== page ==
Archive for 'Electronic Records'
It wasn’t so intimidating after all.
We ended our last blog, announcing the Networking and Information Technology Research and Development (NITRD) Program Symposium held on February 17 at the Newseum in Washington, DC. The purpose of the symposium was to reflect on what the NITRD Program has accomplished over the past 20 years.
I wasn’t sure what to expect, wandering into the Knight Conference Center, an humble archivist – a fish-out-of-water, feeling lost in a sea of black suits and aging baby-boomers. Every now and then, I’d spot an important face or two, people whom I’d recognized from huge posters of computer pioneers at the Microcenter computer store in Rockville. In fact, it was kind of like a red carpet event for science, academic, and computer geeks, or probably more appropriately, spotting rock stars of the computer world.
My first thoughts were, “Oh, no, what if the panels were way over my head?” Should I take a seat by the door for a quick escape just in case?” then suddenly, “Is that who I think it is sitting across from our table? Would I embarrass myself if I asked for an autograph?”
Here’s why I’m glad I stayed…
Posted by Mark on March 20, 2012, under 1940 Census, Applied Research, Electronic Records, Genealogy / Family History, Tech Tuesdays.
Imagine that you want to find electronic records related to a particular geographic location in a very large collection (40 TB and about 70 million files) of archival electronic records. Wouldn’t it be cool if you could pick up an iPad, have a map pop up on the screen, run your finger over the area […]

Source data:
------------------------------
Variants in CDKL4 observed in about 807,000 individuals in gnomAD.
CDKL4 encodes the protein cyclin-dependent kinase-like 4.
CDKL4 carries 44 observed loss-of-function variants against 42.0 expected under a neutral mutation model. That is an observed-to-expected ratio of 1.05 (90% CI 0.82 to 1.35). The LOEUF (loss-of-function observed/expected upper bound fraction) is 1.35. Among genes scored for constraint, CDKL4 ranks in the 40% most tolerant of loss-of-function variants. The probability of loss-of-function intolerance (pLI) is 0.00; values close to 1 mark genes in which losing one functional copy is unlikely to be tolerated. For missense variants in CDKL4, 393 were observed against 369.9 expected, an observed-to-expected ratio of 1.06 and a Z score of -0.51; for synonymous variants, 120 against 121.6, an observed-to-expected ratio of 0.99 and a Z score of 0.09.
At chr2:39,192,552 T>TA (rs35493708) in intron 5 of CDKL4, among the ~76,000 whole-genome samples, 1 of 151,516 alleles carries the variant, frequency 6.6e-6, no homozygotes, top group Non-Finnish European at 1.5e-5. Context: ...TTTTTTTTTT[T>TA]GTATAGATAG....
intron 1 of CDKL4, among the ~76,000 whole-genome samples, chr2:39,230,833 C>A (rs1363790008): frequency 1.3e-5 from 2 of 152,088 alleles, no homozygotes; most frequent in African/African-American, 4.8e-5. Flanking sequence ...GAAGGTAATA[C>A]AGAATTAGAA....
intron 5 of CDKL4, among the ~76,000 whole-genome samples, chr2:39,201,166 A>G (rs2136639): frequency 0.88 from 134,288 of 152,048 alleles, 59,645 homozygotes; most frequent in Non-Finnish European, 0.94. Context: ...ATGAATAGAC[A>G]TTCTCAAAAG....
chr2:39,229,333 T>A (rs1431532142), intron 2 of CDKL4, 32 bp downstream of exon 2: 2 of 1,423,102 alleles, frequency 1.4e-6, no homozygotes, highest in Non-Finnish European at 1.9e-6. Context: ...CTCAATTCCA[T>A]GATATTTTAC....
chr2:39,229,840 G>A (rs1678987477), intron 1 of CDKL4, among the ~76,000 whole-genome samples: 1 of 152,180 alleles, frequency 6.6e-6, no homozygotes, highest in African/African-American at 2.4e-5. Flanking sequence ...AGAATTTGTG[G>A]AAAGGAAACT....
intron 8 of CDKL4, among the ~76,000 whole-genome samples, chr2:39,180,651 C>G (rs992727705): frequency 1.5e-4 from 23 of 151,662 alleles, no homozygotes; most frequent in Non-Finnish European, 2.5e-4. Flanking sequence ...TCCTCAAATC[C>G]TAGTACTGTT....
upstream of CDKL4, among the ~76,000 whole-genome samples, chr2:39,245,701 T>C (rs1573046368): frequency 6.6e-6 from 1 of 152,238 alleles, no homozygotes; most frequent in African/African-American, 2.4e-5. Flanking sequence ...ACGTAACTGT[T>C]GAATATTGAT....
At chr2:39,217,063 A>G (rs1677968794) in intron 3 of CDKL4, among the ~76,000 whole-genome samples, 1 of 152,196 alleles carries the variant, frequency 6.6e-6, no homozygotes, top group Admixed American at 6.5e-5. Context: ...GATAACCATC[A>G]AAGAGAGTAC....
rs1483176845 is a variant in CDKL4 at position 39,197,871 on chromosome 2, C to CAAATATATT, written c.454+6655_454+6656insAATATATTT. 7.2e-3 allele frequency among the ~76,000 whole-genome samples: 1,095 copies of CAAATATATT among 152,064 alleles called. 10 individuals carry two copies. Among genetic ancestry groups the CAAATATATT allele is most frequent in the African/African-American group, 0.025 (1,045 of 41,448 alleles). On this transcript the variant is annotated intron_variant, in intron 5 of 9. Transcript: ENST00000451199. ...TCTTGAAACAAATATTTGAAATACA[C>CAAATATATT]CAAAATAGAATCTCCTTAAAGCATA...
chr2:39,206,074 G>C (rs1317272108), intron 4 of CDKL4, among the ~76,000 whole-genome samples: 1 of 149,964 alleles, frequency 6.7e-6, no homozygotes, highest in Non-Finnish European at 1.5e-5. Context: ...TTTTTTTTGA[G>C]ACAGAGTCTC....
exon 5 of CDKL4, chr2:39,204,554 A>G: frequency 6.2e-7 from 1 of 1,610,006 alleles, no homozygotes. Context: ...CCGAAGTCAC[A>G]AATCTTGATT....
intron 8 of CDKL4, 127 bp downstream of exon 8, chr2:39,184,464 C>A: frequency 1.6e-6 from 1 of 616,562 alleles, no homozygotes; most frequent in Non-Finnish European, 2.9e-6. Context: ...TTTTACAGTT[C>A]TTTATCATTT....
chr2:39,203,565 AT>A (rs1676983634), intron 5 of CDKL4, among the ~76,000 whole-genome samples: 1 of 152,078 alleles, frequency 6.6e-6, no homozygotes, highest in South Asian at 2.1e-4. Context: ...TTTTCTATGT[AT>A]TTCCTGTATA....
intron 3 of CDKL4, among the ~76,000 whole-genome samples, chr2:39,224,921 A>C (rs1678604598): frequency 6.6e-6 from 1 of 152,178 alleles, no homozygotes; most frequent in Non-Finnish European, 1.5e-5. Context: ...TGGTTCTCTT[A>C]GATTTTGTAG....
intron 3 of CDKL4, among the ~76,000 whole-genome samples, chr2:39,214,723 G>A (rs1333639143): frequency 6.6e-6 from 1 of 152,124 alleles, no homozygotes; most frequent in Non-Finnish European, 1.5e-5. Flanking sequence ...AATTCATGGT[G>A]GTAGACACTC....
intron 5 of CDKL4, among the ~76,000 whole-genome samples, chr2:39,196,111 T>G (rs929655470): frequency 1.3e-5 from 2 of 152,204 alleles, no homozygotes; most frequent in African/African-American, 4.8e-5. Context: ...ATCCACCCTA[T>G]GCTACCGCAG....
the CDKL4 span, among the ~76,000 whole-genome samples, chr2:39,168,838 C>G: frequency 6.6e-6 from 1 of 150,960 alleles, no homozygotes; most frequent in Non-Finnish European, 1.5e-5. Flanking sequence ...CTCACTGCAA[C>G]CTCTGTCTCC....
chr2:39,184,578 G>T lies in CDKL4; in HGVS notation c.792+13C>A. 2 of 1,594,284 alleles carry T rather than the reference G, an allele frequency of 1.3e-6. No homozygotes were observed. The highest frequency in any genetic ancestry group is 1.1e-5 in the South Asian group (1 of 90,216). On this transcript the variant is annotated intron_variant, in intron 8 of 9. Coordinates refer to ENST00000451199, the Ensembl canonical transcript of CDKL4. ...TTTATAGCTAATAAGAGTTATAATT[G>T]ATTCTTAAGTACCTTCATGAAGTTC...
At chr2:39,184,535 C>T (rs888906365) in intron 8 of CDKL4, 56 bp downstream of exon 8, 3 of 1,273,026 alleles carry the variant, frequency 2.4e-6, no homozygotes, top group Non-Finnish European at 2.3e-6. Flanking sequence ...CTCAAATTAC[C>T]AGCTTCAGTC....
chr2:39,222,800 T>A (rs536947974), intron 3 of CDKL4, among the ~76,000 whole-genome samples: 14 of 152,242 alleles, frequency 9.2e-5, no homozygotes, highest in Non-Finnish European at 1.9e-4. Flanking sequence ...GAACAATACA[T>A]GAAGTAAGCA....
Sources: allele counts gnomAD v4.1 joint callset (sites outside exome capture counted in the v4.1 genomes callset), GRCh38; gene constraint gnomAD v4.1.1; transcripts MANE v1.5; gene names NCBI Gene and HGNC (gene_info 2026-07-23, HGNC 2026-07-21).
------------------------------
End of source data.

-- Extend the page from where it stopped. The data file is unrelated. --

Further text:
Posted by Mark on December 1, 2011, under Applied Research, Electronic Records, Online Research, Research, Tech Tuesdays.
Many of us have met long-time computer types who began working with computers long before PCs began appearing in the late 1970s. We recently interviewed a fascinating man who celebrates 50 years of working with computers. He loves explaining how computers moved from being complex, monstrous beasts run by certain “intelligentsia” into practical, analytical tools for everyday people; to how computers today help us communicate and work with each other, within different, newer social frameworks.
His career led him to some fascinating developments in computer science, including early contributions to the beginnings of the Internet, where he now sits at the helm of a strategic team that is braving the most challenging tasks of dealing with Government information in the clouds.
Dr. George O. Strawn is not just another computer/IT official who rose from the ranks – he is one of the most important thought leaders within Federal Government IT circles today. Plus, he loves the National Archives, because he says, “we bring to the table some of the toughest IT problems for all of the federal government that need to be solved in our time.”
Read the first in our series of Applied Research interviews called “At the top of our List: Thought Leaders You Should Know”
Posted by Rita on October 11, 2011, under Applied Research, Electronic Records, Miscellaneous, Tech Tuesdays.
This Sunday will mark the tenth anniversary of the terrorist attacks of September 11, 2001. As we remember the events of that day, the George W. Bush Presidential Library has posted more than 150 photos from their collection on Flickr. The photos from September and October 2001 offer a glimpse into the world of President Bush […]
Posted by Mary (admin) on September 8, 2011, under Electronic Records, Miscellaneous, Online Research, Photographs, Social Media (Web 2.0).
Today’s post comes from Arian Ravanbakhsh, electronic records policy analyst in the Modern Records Programs at the National Archives. Our colleagues over at Records Express have written about the details of a records appraisal project that will result in considerably more records being transferred to us for permanent retention and made available for researchers. You […]
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